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Why racial segregation in prisons isn’t about race

California prisons still segregate by race. Why? It has to do with safety and prison gangs.

Up until about 60 years ago the courts did not meddle much with prisons. They acknowledged a lack of expertise in the area of prison management. That is no longer the case. This brings about a reasonable question, at least in some instances, as to when the court is providing reasonable oversight, guidance and control and when the court is engaging in unreasonable meddling in a situation they know nothing about and cannot really appreciate.

Recent and ongoing court actions focused on California state prisons are pretty interesting in several areas in this general vein. Among them are racially segregated housing of inmates.

Unlike most prison systems in the U.S., the California system segregates prisoners by race. They do this not because they like to, or because they believe racial segregation is a good thing. They do so, and continue to do so, due to the reasonable perception that it is necessary. It should also be noted that in a very real sense much of this segregation is not racial, but gang based. Prison inmate gangs have a very strong tendency to be racially focused.

I have worked extensively in general population celled housing, general population dorm housing, and reception center housing, as a line officer, a sergeant and a lieutenant. I can speak with some authority on this matter. With very, very few exceptions, inmates refuse to share a cell with an inmate not of his racial group, and refuse to share dorm bunk space in a vertical stack (two or three bunks high) with an inmate not of his racial group.

Once upon a time, several years back, the department decided (in response to pressure from the legislature) to integrate prison housing. It was a disaster, though only briefly, as the department backed away from the program. Prisons were faced with inmates who flat out refused to enter their assigned cells or to hit their racks at lights out in the dorm.

In instances where the matter was pushed by staff, they would have to physically force the inmates into the cells. This resulted in a massive administrative hassle as the situation is considered to be a “calculated use of force.” This required notifications to people in high places who didn’t want to be irritated, a video record of the incident, sometimes delays in count and significant impact to prison operations, including overtime costs.

When the issue was pushed, fights between the two incompatible cellies would often ensue. Some of this was due to true animosity on the inmate’s part; some of it was due to perceived (accurately perceived) pressure from other inmates.

The fact of the matter is that racial subgrouping (usually also gang subgrouping) is in many ways the primary fact of operational life within the California system. Within the system, when a Norteno (northern Mexican) inmate who finds himself at a mess hall table with a Sureno (southern Mexican) inmate, a fight between the two of them will almost always ensue, if for no other reason than they believe they will be punished by their groups if they do not fight. There is a similar, but less strong, feeling from black inmates from various gangs and groups.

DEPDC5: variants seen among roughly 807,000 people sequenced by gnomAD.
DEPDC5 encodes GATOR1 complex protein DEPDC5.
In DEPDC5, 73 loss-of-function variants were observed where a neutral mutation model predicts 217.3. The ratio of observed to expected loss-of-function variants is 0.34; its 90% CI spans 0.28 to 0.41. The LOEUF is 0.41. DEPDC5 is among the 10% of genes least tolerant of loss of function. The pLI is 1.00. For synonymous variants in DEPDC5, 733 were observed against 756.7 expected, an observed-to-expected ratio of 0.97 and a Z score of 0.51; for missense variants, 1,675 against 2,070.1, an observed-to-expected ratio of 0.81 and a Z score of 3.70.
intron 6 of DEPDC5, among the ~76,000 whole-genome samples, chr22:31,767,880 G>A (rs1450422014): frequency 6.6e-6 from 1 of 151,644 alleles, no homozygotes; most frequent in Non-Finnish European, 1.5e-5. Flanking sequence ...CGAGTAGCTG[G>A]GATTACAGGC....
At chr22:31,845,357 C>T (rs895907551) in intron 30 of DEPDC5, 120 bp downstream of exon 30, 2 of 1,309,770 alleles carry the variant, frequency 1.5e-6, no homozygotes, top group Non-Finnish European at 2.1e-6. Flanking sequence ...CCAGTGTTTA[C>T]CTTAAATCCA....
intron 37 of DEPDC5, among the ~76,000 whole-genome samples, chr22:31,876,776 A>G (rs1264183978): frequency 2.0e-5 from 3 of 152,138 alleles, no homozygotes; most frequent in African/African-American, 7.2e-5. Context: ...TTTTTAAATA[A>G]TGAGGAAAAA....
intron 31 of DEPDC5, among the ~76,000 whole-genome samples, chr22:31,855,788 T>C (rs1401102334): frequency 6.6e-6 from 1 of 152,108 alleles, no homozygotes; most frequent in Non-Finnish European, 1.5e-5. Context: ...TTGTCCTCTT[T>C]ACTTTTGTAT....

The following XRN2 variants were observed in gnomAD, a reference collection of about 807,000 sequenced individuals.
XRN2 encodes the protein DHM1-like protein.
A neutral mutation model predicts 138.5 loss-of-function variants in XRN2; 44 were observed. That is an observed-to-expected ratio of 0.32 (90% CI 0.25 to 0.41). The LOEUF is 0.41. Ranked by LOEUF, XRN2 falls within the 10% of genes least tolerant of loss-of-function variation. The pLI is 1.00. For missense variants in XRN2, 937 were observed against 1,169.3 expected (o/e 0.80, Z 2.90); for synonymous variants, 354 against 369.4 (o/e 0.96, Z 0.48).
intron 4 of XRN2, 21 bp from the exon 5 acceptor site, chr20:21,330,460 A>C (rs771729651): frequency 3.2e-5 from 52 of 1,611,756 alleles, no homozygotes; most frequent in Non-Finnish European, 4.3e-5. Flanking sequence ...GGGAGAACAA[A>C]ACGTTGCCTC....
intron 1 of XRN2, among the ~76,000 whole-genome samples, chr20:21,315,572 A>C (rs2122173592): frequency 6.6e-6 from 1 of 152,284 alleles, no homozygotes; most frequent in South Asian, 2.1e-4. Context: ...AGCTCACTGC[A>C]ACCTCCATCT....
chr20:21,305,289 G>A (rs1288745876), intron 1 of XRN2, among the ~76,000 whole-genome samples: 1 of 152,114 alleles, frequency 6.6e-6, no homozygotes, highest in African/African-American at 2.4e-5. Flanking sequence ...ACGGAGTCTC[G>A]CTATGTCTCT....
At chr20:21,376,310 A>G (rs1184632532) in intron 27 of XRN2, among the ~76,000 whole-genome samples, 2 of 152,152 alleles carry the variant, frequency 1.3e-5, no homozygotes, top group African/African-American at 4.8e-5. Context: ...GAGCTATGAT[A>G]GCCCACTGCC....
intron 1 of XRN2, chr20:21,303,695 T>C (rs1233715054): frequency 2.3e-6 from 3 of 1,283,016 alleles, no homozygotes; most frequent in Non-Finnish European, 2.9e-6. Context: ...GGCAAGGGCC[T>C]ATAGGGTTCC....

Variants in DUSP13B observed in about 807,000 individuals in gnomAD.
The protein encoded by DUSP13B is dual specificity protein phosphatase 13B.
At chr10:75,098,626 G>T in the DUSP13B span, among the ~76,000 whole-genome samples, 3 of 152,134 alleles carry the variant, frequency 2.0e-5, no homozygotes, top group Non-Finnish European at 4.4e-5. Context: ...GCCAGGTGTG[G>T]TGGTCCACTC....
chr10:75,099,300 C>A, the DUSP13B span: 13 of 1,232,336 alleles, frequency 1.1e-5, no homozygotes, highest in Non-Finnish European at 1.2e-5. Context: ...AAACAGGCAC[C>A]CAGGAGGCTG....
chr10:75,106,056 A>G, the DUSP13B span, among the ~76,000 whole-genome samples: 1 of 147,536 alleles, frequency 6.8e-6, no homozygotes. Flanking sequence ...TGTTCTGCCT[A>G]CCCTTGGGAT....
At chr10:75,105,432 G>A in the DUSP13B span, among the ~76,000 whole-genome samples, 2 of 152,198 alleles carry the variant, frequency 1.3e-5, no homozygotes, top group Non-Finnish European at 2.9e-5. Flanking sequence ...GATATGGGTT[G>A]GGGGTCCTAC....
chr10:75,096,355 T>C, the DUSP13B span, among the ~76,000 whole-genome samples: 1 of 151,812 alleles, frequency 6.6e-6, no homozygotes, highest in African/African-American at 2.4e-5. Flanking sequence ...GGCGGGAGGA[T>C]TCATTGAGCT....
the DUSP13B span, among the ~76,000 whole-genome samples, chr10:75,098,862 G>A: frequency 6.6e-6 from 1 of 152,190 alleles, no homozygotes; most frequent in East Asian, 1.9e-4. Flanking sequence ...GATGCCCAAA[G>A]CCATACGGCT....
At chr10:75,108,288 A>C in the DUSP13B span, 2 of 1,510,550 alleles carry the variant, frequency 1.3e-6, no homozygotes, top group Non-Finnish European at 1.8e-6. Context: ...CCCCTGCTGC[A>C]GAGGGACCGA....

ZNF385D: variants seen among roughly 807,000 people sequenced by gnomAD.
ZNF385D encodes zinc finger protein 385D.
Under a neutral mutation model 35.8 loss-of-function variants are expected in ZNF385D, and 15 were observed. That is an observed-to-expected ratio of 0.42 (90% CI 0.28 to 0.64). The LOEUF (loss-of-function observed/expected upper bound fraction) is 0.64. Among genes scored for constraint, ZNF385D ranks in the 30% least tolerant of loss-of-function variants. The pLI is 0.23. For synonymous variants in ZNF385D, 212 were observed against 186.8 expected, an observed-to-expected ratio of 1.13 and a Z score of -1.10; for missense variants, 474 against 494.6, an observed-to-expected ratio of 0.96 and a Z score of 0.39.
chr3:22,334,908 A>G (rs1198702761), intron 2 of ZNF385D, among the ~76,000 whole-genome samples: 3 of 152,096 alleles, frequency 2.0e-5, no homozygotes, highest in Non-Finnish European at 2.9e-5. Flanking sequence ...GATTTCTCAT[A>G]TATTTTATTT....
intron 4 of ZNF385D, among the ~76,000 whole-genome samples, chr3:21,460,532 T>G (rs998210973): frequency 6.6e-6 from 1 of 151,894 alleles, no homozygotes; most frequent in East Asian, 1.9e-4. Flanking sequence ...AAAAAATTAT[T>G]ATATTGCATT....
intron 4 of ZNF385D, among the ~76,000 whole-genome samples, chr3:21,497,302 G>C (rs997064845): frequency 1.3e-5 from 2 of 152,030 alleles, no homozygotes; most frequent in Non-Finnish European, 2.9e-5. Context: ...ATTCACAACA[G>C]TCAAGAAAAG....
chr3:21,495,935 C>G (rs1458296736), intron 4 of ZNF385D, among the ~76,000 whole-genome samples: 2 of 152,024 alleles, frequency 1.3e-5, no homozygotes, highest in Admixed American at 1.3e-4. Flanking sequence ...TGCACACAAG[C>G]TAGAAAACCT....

To attempt to avoid the issue during intake, many inmates (more often Hispanic, sometimes black, rarely white) will assert that they are unaffiliated. They do this for many reasons. A small number are truly unaffiliated, or at least want to be. A larger number do not want to be noted in their records as being affiliated with any particular group or gang. They are then housed with another claimed unaffiliated inmate, if that bunk space is available.

It then often turns out that claimed unaffiliated #1 is really a Norteno and claimed unaffiliated #2 is really a Sureno. (The same is often true with Bloods and Crips.) The results can be unpleasant. Also, when you do get that rare truly unaffiliated inmate, he will be labeled by association. If an unaffiliated or want-to-be unaffiliated inmate is celled with a Sureno, for instance, all of the other inmates in the unit will believe that he is a Sureno, whether he is or not.

Like any other program change, the system of race/ gang-based segregated housing could be overcome, but it would take the willingness by the department to deal with the consequences and the willingness of the review authorities (local and federal courts, federal receivers and eventually the legislature) to deal with the fallout.

Thus far, the department has perceived (accurately I believe) that there is no support for dealing with the consequences of a change in the program. That may be changing, but the cost will be much, much higher than the courts and other outside critics believe it will be.

Bob Walsh worked for 24 years with the California Department of Corrections at Deuel Vocational Institution located near Tracy, California. He retired in early 2005. Since then he has been taking classes, exercising his obsolete camera equipment, rusticating and writing for the PacoVilla web site which focuses on issues within what is now called the California Department of Corrections and Rehabilitation (CDCr) and within the union representing CDCr employees, the California Correctional Peace Officer’s Association (CCPOA).